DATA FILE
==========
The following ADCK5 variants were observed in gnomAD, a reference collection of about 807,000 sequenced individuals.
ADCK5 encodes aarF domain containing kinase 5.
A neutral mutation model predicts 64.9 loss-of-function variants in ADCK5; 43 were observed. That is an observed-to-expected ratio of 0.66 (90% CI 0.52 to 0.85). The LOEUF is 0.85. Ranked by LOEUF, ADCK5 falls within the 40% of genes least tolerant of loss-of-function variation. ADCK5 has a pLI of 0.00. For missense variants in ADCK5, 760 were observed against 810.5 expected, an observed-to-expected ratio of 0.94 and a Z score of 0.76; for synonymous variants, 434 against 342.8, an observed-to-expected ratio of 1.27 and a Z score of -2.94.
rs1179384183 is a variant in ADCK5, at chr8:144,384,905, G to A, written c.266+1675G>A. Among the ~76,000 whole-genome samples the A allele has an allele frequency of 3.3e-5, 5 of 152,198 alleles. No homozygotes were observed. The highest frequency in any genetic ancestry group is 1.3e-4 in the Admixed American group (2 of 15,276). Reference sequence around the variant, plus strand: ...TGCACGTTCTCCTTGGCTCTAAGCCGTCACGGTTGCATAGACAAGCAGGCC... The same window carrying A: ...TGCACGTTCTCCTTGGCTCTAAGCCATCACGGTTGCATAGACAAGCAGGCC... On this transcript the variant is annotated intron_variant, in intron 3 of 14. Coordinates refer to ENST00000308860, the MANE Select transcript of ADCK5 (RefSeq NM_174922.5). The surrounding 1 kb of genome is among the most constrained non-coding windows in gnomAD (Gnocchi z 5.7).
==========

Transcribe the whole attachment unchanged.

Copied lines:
The following ADCK5 variants were observed in gnomAD, a reference collection of about 807,000 sequenced individuals.
ADCK5 encodes aarF domain containing kinase 5.
A neutral mutation model predicts 64.9 loss-of-function variants in ADCK5; 43 were observed. That is an observed-to-expected ratio of 0.66 (90% CI 0.52 to 0.85). The LOEUF is 0.85. Ranked by LOEUF, ADCK5 falls within the 40% of genes least tolerant of loss-of-function variation. ADCK5 has a pLI of 0.00. For missense variants in ADCK5, 760 were observed against 810.5 expected, an observed-to-expected ratio of 0.94 and a Z score of 0.76; for synonymous variants, 434 against 342.8, an observed-to-expected ratio of 1.27 and a Z score of -2.94.
rs1179384183 is a variant in ADCK5, at chr8:144,384,905, G to A, written c.266+1675G>A. Among the ~76,000 whole-genome samples the A allele has an allele frequency of 3.3e-5, 5 of 152,198 alleles. No homozygotes were observed. The highest frequency in any genetic ancestry group is 1.3e-4 in the Admixed American group (2 of 15,276). Reference sequence around the variant, plus strand: ...TGCACGTTCTCCTTGGCTCTAAGCCGTCACGGTTGCATAGACAAGCAGGCC... The same window carrying A: ...TGCACGTTCTCCTTGGCTCTAAGCCATCACGGTTGCATAGACAAGCAGGCC... On this transcript the variant is annotated intron_variant, in intron 3 of 14. Coordinates refer to ENST00000308860, the MANE Select transcript of ADCK5 (RefSeq NM_174922.5). The surrounding 1 kb of genome is among the most constrained non-coding windows in gnomAD (Gnocchi z 5.7).